Since its founding in St. Paul in 1982, Pheasants Forever (PF) has been at the forefront of upland habitat conservation in Minnesota and nationally. Today the group’s 149,000 members — including 17,000 who belong to its sister organization, Quail Forever — have conserved about 16 million acres of wildlife habitat. The groups will host their national Pheasant Fest and Quail Classic from Friday through Sunday at the Minneapolis Convention Center, expecting some 30,000 attendees. Here’s a look through the years at PF, at the federal government’s fluctuating Conservation Reserve Program and Minnesota’s correspondingly fluctuating pheasant population:
1982: Meetings of what will become PF’s first board of directors are held with then-DNR wildlife chief Roger Holmes to gather support for a Minnesota pheasant stamp to be required of hunters. Holmes urges a portion of sales, if the stamp is approved by the Legislature, to be sent to a wildlife lobbying group in Washington to push for a multiyear federal farmland set-aside program. Meanwhile, PF incorporates on Aug. 5, 1982. In addition to myself, the first directors include Russ Anderson of Clinton, Minn. (no relation); and Cecil Bell, Norb Berg, Bud Berger, Ted Berger, Walt Bruning, Chuck and Loral I Delaney, Jeff Finden, Bob Naegele, Dave Vesall and Bob Larson, all of the Twin Cities.
1983: PF holds its first banquet at the old Prom Ballroom on University Ave. in St. Paul. Some 800 people attend, including Gov. Rudy Perpich, who signs the pheasant stamp bill into law. About $25,000 is netted at the banquet, with proceeds used to hire PF’s first executive director, Jeff Finden.
1985: PF grows to 12 chapters and 1,000 members, including its first Iowa chapter. The group’s fast growth is fueled by a unique funding arrangement that allows chapters to keep most money they raise for local habitat work. Meanwhile, Congress includes the Conservation Reserve Program (CRP), a five-year cropland set-aside plan, in its 1985 farm bill. CRP results from a marriage of conservation interests, spearheaded by PF and others, and the government’s desire to pump cash into a struggling farm economy.
1990: In its habitat efforts, PF attempts to leverage a long and glorious Minnesota pheasant-hunting tradition. In 1958, about 1.5 million pheasants were harvested in Minnesota. And in 1961, the state had 270,000 ringneck hunters — a number that by 1972 had plunged to 47,000, due to declining bird numbers. In 1982, when PF was formed, only 265,000 pheasants were killed by hunters. But with the advent of CRP — about 1.7 million acres are enrolled in 1990 — pheasant numbers rise. The pheasant harvest climbs to 483,000.
2000: PF’s membership continues to increase nationally, rising to about 90,000. The group’s leadership changes, with Howard Vincent, formerly PF’s chief financial officer, replacing Finden, who retired. CRP acres decline slightly, to 1.46 million, as does Minnesota’s ringneck harvest, to 375,000. Hunter numbers remain relatively healthy at 100,000.
2005: Mild winters and expanding PF habitat work contribute to an upswing in state ringnecks. The DNR August roadside survey yields some of the highest counts in 20 years: 101 birds spotted per 100 miles in 2005; 115 in 2006; and 106 in 2007. State CRP acres top 1.7 million. Hunters respond, with almost 119,000 strolling the state’s uplands in 2006. Meanwhile, PF has collectively tallied more than 5 million acres of habitat work nationally, and in 2008, the national Pheasant Fest in St. Paul attracts nearly 30,000.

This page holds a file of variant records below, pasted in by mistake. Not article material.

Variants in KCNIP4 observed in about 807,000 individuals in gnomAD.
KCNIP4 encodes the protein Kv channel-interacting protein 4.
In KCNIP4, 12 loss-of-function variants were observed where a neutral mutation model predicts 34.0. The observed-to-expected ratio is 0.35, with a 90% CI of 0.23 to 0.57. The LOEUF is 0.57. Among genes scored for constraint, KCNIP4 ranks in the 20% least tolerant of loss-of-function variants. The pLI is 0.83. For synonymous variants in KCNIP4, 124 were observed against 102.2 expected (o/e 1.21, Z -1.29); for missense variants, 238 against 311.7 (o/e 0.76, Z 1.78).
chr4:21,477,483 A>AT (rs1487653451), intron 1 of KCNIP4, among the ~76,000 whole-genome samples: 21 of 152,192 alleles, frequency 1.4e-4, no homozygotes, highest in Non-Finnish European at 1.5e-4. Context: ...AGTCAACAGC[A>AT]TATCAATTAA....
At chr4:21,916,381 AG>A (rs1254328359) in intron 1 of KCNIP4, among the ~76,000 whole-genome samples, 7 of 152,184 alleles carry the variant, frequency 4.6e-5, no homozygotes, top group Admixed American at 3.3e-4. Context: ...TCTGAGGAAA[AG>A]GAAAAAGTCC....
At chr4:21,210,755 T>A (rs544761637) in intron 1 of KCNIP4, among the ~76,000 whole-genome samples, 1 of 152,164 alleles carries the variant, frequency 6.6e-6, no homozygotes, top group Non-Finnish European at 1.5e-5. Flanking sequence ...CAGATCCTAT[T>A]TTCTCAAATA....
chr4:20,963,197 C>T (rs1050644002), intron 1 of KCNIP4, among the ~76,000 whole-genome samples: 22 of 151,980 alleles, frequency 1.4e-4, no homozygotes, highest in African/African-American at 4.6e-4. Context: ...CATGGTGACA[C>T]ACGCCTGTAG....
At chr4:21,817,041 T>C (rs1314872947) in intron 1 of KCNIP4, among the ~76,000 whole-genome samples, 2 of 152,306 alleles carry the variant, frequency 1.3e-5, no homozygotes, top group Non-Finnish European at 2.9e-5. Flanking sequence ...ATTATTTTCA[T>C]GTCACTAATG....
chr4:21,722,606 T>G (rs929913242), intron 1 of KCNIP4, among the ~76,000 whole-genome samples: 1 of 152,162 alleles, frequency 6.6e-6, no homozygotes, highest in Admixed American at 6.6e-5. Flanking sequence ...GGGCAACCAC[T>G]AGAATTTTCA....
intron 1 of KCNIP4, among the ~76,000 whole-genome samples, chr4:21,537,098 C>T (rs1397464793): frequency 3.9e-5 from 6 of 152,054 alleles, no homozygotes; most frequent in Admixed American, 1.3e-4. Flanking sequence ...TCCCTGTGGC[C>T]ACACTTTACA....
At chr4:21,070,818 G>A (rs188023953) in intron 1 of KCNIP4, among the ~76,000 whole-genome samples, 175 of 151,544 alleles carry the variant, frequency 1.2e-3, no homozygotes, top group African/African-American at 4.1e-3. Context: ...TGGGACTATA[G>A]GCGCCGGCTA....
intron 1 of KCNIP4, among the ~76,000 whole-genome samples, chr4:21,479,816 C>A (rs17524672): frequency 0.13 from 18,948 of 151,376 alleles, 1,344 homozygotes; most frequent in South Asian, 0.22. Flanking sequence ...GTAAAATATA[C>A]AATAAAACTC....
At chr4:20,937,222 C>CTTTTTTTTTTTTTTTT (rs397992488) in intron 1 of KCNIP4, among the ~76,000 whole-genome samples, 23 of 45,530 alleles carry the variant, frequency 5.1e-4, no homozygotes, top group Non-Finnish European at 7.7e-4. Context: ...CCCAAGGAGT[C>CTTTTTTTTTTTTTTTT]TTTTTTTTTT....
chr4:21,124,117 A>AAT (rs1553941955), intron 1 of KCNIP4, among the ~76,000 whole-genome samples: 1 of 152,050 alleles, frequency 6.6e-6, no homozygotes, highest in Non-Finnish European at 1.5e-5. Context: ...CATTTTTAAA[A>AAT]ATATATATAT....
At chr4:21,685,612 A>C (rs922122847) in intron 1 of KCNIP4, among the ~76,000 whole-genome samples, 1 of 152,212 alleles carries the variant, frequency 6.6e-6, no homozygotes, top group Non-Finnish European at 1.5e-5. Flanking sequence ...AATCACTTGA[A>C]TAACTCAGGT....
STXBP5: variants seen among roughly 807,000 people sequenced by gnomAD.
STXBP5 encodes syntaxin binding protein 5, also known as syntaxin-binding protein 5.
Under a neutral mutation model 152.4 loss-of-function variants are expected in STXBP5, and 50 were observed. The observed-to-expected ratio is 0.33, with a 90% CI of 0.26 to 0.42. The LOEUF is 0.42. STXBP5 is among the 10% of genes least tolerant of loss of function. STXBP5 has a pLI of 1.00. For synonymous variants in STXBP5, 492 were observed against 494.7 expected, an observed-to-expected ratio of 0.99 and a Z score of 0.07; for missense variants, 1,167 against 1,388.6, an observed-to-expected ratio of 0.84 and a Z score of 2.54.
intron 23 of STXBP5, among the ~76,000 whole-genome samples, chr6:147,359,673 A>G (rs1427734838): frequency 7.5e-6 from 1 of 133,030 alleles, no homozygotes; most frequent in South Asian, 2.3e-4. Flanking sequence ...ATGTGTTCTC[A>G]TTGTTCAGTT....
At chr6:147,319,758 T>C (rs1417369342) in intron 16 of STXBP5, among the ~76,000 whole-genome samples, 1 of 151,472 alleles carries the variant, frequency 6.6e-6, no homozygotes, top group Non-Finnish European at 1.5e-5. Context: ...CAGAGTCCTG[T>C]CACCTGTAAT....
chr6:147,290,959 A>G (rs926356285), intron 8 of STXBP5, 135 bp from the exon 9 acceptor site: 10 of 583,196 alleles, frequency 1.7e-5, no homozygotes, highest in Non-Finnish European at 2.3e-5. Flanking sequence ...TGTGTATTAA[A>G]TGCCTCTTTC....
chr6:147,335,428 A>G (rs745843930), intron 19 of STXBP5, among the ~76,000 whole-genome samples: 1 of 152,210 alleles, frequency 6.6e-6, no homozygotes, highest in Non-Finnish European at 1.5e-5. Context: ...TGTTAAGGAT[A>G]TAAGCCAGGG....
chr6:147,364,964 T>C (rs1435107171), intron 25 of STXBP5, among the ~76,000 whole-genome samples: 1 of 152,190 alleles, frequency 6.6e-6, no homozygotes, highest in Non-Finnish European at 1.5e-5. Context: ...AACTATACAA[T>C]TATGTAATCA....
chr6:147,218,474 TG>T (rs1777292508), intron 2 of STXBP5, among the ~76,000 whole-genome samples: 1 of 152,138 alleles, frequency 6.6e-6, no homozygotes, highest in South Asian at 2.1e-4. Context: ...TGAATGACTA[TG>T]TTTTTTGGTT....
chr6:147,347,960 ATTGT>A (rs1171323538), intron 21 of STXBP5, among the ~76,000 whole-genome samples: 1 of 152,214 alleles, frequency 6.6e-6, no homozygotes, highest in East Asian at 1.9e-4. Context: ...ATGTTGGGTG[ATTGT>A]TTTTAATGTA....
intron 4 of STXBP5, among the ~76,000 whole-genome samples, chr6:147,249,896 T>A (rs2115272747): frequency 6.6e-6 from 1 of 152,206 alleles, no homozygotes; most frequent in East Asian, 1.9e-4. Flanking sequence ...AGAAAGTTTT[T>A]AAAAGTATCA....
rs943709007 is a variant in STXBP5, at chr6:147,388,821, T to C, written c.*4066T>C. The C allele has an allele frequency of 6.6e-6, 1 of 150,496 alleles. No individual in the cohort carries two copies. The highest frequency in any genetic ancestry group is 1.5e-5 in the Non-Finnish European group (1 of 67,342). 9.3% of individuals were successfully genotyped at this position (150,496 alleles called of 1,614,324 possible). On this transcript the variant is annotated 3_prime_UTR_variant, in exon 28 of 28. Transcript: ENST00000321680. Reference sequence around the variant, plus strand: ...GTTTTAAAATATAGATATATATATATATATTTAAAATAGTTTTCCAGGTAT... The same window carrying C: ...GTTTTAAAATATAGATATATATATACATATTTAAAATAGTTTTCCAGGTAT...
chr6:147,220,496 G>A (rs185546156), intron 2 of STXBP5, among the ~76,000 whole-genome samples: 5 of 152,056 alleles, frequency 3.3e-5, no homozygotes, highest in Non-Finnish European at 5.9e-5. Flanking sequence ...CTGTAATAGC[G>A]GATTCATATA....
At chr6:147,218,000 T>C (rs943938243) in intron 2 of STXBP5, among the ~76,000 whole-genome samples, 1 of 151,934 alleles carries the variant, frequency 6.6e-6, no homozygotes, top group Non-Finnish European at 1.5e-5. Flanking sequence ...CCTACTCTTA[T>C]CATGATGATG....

2010: Minnesota’s pheasant population — and harvest — show signs of weakening. In 2006-08, about 600,000 roosters are taken by hunters in each season. But by 2010, the August survey reveals just 63 birds per 100 miles, down from the 115-per-100-mile peak in 2006. Hunter numbers also fall, to around 90,000. Tough winters are to blame in part. But CRP acres decline to about 1.4 million in 2010. The reasons: Rules for the program tighten, and the USDA allows fewer acres to be included. Commodity prices also are about to swing upward — a combination that will undercut Minnesota pheasants. Yet PF remains resilient, with membership rising to 118,000 and an additional 7,000 joining Quail Forever, the group PF founded in 2005.
2017: As PF prepares for its national Pheasant Fest and Quail Classic this weekend at the Minneapolis Convention Center, it reports record membership of more than 140,000 in 740 chapters in the U.S. and Canada. For the fifth consecutive year, it has been given top marks by charity overseers. Also, with other conservation groups, PF is preparing to help mold the next federal farm bill. The effort is important: Fewer than 1 million Minnesota acres remain in CRP, with many due to exit the program in coming years. Encouragingly from a conservation perspective, more farmers are looking to place more of their marginal acres in CRP because of declining commodity prices. Still, money is tight in Washington, and it’s unclear how CRP will be treated by the Trump administration. The good news: The annual Minnesota ringneck roadside count has risen from 23 per 100 miles in 2011 to 52 in 2016, with the harvest also rising, to 243,000 last year, from 198,000 in 2011.